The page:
Beauregard-Keyes House (1113 Chartres) built in 1826, this raised Greek-revival structure, with its slave quarters and rear courtyard, is uncommon for the French Quarter. A national landmark and the post-Civil War home of Confederate General Pierre G.T. Beauregard – the man who ordered the first shots of the Civil War – the house at night is reputed to be haunted with the sounds of gunshots, horses, screaming men, and roaring canonfire. The house had several owners and was even threatened with demolition, but was rescued in 1944 by author Frances Parkinson Keyes, who wrote several of fifty-one books there. House tours run every hour on the hour Monday – Saturday between 10AM-3PM.

O'Flaherty's Irish Channel Pub (508 Toulouse) this structure was a private residence in the early 1800's, where the ghosts of owner Joseph Wheaton and his mistress Angelique can be seen today, with lingering cold spots in the location of their deaths. After a terrible argument, Joseph pushed Angelique out the third floor window into the courtyard behind the house, killing her instantly. This crime was observed a young slave boy, and Joseph killed himself immediately afterwards by jumping to his death. They wander on the upper floor, and customers report paranormal sensations in the courtyard where they landed. The ghost of Wheaton's wife, Mary, is reported to be lingering in the building as well. Another possible ghost is that of a little boy who became separated from his mother and was taken in by one of the ghosts when he wandered into the building in search of her. Owned and operated by famed Irish singer/musician Danny O'Flaherty of the "Celtic Folk".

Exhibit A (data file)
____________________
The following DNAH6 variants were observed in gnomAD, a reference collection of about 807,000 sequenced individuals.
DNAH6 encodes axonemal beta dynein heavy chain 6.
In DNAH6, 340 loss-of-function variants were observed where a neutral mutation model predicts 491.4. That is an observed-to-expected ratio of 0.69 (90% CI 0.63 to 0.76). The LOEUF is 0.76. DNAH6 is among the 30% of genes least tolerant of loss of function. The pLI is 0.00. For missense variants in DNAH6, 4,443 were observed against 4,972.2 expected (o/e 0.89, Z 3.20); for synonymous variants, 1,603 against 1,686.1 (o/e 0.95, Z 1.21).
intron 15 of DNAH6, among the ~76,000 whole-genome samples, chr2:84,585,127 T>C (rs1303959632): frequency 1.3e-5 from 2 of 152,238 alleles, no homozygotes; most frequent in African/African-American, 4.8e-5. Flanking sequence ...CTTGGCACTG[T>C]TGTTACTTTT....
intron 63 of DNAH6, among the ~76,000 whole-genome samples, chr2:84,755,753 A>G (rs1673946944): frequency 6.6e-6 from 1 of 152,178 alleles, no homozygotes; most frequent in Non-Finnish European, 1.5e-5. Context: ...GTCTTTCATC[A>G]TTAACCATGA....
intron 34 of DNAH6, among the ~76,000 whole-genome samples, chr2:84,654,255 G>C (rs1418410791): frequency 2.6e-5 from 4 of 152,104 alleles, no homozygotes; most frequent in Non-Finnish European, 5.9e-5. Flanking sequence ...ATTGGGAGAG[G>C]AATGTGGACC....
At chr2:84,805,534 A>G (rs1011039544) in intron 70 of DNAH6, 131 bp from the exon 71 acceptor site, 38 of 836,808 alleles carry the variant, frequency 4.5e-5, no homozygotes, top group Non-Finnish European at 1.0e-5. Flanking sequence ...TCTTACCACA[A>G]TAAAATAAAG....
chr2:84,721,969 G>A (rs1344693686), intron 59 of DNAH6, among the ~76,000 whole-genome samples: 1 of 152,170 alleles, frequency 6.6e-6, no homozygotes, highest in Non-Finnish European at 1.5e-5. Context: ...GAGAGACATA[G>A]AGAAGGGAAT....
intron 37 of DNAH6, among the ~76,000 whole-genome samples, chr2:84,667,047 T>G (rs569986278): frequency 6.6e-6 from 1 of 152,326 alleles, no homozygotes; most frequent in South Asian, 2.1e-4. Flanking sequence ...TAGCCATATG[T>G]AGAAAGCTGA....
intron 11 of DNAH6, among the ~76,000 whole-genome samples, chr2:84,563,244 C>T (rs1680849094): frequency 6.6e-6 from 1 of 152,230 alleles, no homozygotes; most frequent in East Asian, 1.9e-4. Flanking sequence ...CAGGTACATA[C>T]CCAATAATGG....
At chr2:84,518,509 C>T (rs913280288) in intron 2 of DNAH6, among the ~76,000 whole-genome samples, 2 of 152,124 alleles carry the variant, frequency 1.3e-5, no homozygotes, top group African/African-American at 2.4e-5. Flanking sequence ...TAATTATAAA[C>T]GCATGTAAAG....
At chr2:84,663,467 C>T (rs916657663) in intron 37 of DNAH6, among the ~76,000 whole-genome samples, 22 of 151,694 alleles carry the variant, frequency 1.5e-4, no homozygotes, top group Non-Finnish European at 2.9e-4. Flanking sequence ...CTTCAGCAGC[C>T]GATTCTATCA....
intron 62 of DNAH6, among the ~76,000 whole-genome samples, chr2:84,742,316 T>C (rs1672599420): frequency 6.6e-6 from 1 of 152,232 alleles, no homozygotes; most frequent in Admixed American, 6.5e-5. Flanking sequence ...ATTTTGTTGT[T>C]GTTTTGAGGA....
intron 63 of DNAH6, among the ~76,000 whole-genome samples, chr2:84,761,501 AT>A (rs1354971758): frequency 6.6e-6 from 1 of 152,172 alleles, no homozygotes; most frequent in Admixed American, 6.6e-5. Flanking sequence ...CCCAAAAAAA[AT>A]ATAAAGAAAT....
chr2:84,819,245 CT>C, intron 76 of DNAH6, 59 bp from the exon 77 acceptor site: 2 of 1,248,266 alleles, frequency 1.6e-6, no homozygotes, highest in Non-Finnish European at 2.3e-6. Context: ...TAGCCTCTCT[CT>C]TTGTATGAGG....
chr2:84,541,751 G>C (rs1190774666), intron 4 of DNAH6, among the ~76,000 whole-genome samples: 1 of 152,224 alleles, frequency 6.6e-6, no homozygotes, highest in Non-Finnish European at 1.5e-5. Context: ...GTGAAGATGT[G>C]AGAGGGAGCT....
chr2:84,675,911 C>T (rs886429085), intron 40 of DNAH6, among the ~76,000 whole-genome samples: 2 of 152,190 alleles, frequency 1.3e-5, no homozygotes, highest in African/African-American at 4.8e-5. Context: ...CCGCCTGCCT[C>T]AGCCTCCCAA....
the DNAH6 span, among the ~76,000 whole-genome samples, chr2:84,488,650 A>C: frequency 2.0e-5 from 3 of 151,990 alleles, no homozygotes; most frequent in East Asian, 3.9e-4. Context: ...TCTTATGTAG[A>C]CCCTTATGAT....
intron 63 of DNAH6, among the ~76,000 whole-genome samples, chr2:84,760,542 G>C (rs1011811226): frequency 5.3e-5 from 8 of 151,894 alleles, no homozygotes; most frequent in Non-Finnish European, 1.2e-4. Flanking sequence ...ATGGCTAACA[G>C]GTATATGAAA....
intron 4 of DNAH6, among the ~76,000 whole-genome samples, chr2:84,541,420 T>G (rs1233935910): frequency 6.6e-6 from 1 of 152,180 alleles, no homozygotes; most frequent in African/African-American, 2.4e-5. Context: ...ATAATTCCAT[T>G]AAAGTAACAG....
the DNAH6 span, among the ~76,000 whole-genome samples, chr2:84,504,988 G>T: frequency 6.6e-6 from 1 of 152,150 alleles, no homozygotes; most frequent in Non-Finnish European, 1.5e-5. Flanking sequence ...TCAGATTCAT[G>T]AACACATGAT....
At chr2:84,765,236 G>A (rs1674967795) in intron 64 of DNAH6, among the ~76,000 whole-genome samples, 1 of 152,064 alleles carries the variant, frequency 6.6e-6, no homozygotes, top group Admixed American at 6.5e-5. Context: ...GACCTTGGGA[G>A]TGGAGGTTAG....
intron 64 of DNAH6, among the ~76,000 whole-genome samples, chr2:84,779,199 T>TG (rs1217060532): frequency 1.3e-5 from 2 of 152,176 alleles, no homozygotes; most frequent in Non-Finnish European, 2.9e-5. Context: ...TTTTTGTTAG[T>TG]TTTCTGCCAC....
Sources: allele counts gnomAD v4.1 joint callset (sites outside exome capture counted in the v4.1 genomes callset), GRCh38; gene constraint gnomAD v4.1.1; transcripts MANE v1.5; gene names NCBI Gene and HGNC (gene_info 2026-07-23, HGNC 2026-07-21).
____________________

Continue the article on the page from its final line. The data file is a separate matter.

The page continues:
Got Kids? Check this out:

See: Aquarium of the Americas (Central Business District) check out the million+ gallons of exhibits, such as the world's largest collection of jellyfish, a rain forest, and special Mississippi River and Gulf of Mexico installations. Be sure to see the white alligator! Aquarium life was devastated by Hurricane Katrina, where most of the 10,000 fish were killed as a result of days'-long power outages. The Aquarium's ongoing Adopt-an-Animal program continues to solicit funds for rebuilding. Please contribute generously!

See/Float: Natchez Paddleboat (French Quarter) Embark on a historic sternwheel steamboat for a two-hour cruise up and down the Mississippi River. The Natchez is the only steamboat still operating from New Orleans. Board behind the Jackson Brewery to the tunes of traditional calliope music, and sit outside on one of the Natchez' many decks (I prefer the top!). Walk around, check out the engine room, paddle wheel, and grab a cocktail and enjoy the live jazz band; do skip the buffet. Lots of history about New Orleans, the Mississippi, the paddleboat. You'll get to see the river in action – cargo ships and barges – as well as some of the city's attractions – Jackson Square, the Riverwalk and Aquarium, St. Louis Cathedral, Chalmette Battle Field, and more – whilst learning the history of the Crescent City from a unique angle.

Hear:

Checkpoint Charlie's – Blues/Rock (Fauberg Marigny) film location scouts' favorite, this dive-y 24-hour bar-cum-laundromat is filled with biker-rocker-eclectic-student-type patrons who listen to live music (usually rock, with occasional jazz/blues/R&B/acoustic performances, and Sundays open mic blues jam), eat, drink, shoot pool, read from their library and, naturally, launder. Casual, cheap, and kooky.

Mulate's – Cajun Music/Dancing/Restaurant (Warehouse District) the bayou comes alive at the city's most authentic Cajun experience. Live zydeco music, Cajun accents, and dancing nightly starting at 7PM in a casual, fun environment. Don't be shy: get up and join the fun – pick up an instrument or go for a whirl on the dance floor and dance the two-step. Performances during ApacheCon include Bayou Deville, Lee Benoit and the Bayou Stompers, and La Touché. Excellent, down-home spicy Cajun fare includes alligator, frog legs, boudin, catfish, crawfish etouffee, blackened oysters, plantation tea, and zydeco tornadoes. Super-friendly staff. No reservations.